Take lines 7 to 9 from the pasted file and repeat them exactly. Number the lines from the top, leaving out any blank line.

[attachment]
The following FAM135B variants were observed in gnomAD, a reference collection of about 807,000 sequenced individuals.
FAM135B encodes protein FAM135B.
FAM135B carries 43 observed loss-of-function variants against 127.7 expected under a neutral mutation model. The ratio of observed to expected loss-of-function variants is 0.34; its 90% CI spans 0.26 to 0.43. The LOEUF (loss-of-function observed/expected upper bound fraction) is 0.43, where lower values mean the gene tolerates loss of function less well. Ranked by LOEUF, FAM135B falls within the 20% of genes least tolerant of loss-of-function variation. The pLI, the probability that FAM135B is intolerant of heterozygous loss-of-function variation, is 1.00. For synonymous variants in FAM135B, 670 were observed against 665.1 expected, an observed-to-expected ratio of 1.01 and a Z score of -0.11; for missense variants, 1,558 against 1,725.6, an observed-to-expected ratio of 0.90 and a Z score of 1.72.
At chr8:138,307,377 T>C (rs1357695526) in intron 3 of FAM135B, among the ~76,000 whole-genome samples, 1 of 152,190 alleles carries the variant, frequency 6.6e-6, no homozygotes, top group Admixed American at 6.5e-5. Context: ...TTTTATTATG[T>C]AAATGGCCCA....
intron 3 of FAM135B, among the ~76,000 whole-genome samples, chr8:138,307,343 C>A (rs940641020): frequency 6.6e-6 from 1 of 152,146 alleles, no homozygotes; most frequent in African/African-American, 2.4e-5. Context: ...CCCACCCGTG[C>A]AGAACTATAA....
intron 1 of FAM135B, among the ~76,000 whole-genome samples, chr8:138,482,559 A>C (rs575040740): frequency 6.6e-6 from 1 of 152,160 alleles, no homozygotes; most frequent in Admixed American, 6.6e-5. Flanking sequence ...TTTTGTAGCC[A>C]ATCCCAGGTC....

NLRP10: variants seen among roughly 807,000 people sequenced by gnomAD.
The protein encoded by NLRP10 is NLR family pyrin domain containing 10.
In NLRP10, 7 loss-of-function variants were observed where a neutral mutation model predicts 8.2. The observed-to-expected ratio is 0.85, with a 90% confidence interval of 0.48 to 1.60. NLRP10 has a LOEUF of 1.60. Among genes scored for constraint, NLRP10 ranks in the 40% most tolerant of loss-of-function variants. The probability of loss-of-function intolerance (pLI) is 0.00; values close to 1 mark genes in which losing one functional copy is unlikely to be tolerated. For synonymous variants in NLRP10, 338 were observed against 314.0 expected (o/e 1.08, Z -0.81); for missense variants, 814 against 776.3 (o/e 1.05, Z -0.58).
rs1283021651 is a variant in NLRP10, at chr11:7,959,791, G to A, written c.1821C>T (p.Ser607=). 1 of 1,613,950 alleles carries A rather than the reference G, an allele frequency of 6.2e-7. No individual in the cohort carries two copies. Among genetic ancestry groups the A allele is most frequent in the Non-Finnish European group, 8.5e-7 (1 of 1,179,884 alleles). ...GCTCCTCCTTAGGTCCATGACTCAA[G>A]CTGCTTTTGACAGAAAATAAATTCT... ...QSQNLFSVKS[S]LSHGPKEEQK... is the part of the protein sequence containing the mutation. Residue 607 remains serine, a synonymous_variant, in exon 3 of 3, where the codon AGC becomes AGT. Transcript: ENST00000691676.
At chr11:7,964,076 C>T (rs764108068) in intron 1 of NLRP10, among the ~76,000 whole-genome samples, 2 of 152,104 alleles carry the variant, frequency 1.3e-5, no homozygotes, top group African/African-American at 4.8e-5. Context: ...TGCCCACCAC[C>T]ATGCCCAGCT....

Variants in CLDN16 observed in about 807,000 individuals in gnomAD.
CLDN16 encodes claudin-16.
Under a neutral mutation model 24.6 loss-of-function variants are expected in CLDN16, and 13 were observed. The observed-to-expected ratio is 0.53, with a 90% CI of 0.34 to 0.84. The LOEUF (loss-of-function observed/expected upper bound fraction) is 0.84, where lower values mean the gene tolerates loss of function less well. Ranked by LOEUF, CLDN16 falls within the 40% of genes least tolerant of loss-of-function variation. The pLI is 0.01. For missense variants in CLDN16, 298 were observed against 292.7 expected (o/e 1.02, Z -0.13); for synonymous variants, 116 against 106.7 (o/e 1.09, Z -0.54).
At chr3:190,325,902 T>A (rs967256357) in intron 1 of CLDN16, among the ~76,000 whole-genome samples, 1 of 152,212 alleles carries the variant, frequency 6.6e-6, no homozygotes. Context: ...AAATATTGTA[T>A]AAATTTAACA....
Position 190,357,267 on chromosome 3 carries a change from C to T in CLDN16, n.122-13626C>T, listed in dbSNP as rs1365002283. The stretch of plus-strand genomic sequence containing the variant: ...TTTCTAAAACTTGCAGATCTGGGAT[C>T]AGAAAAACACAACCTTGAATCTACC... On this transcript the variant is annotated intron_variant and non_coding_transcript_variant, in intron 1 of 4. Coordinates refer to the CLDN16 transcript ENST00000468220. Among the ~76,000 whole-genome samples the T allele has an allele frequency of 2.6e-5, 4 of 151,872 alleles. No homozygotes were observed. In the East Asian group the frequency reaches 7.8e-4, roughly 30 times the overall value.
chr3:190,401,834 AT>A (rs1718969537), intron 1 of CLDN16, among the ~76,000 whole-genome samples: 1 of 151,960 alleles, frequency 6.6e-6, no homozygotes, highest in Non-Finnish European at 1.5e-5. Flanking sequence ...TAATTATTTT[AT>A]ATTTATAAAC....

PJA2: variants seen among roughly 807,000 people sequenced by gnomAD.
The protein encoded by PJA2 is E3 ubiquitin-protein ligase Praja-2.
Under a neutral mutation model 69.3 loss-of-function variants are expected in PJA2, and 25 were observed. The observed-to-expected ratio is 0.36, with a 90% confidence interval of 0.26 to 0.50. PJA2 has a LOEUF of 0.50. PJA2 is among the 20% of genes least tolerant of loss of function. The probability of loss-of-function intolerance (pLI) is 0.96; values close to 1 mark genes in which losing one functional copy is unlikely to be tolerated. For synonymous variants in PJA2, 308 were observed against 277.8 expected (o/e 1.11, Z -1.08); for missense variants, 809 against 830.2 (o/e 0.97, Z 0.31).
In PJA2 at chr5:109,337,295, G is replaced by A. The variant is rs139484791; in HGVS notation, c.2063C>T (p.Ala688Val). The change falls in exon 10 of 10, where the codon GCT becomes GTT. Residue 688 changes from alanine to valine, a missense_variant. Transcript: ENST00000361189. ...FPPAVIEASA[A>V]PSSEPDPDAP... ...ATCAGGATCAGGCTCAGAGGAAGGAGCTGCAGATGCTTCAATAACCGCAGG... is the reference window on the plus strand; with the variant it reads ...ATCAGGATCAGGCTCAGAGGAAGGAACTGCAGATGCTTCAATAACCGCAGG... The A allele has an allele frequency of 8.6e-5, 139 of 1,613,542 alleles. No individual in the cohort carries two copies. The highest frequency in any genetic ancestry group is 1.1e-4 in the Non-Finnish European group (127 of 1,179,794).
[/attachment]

NLRP10: variants seen among roughly 807,000 people sequenced by gnomAD.
The protein encoded by NLRP10 is NLR family pyrin domain containing 10.
In NLRP10, 7 loss-of-function variants were observed where a neutral mutation model predicts 8.2. The observed-to-expected ratio is 0.85, with a 90% confidence interval of 0.48 to 1.60. NLRP10 has a LOEUF of 1.60. Among genes scored for constraint, NLRP10 ranks in the 40% most tolerant of loss-of-function variants. The probability of loss-of-function intolerance (pLI) is 0.00; values close to 1 mark genes in which losing one functional copy is unlikely to be tolerated. For synonymous variants in NLRP10, 338 were observed against 314.0 expected (o/e 1.08, Z -0.81); for missense variants, 814 against 776.3 (o/e 1.05, Z -0.58).